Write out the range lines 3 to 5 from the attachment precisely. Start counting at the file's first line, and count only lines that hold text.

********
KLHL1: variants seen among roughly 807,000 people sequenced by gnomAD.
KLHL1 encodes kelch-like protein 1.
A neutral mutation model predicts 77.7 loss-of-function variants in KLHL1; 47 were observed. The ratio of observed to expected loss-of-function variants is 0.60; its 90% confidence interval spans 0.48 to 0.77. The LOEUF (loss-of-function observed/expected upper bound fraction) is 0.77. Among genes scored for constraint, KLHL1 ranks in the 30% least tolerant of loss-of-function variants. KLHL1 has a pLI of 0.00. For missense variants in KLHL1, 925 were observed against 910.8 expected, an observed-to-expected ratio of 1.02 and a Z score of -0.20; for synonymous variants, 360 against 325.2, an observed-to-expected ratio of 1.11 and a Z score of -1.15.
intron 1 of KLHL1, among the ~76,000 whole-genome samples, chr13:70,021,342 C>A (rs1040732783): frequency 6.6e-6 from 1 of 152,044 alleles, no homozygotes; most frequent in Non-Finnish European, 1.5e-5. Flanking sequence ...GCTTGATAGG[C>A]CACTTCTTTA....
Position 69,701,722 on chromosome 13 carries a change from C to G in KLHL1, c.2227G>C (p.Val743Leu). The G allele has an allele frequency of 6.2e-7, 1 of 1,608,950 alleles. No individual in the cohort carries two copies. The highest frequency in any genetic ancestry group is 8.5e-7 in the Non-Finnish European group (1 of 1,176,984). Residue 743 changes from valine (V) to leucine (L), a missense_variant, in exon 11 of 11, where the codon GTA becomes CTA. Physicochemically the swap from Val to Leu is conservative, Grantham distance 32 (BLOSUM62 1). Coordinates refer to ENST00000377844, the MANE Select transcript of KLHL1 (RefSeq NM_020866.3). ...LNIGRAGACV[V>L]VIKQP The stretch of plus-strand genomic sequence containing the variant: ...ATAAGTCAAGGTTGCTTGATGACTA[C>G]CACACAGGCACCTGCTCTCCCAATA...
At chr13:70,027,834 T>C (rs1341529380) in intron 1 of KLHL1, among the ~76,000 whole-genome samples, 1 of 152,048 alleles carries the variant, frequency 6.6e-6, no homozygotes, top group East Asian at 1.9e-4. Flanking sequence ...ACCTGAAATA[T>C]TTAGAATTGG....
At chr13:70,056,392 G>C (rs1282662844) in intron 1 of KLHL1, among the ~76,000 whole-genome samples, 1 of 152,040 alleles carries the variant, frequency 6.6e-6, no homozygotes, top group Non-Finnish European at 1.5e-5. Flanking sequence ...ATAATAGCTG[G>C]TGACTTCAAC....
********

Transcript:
A neutral mutation model predicts 77.7 loss-of-function variants in KLHL1; 47 were observed. The ratio of observed to expected loss-of-function variants is 0.60; its 90% confidence interval spans 0.48 to 0.77. The LOEUF (loss-of-function observed/expected upper bound fraction) is 0.77. Among genes scored for constraint, KLHL1 ranks in the 30% least tolerant of loss-of-function variants. KLHL1 has a pLI of 0.00. For missense variants in KLHL1, 925 were observed against 910.8 expected, an observed-to-expected ratio of 1.02 and a Z score of -0.20; for synonymous variants, 360 against 325.2, an observed-to-expected ratio of 1.11 and a Z score of -1.15.
intron 1 of KLHL1, among the ~76,000 whole-genome samples, chr13:70,021,342 C>A (rs1040732783): frequency 6.6e-6 from 1 of 152,044 alleles, no homozygotes; most frequent in Non-Finnish European, 1.5e-5. Flanking sequence ...GCTTGATAGG[C>A]CACTTCTTTA....
Position 69,701,722 on chromosome 13 carries a change from C to G in KLHL1, c.2227G>C (p.Val743Leu). The G allele has an allele frequency of 6.2e-7, 1 of 1,608,950 alleles. No individual in the cohort carries two copies. The highest frequency in any genetic ancestry group is 8.5e-7 in the Non-Finnish European group (1 of 1,176,984). Residue 743 changes from valine (V) to leucine (L), a missense_variant, in exon 11 of 11, where the codon GTA becomes CTA. Physicochemically the swap from Val to Leu is conservative, Grantham distance 32 (BLOSUM62 1). Coordinates refer to ENST00000377844, the MANE Select transcript of KLHL1 (RefSeq NM_020866.3). ...LNIGRAGACV[V>L]VIKQP The stretch of plus-strand genomic sequence containing the variant: ...ATAAGTCAAGGTTGCTTGATGACTA[C>G]CACACAGGCACCTGCTCTCCCAATA...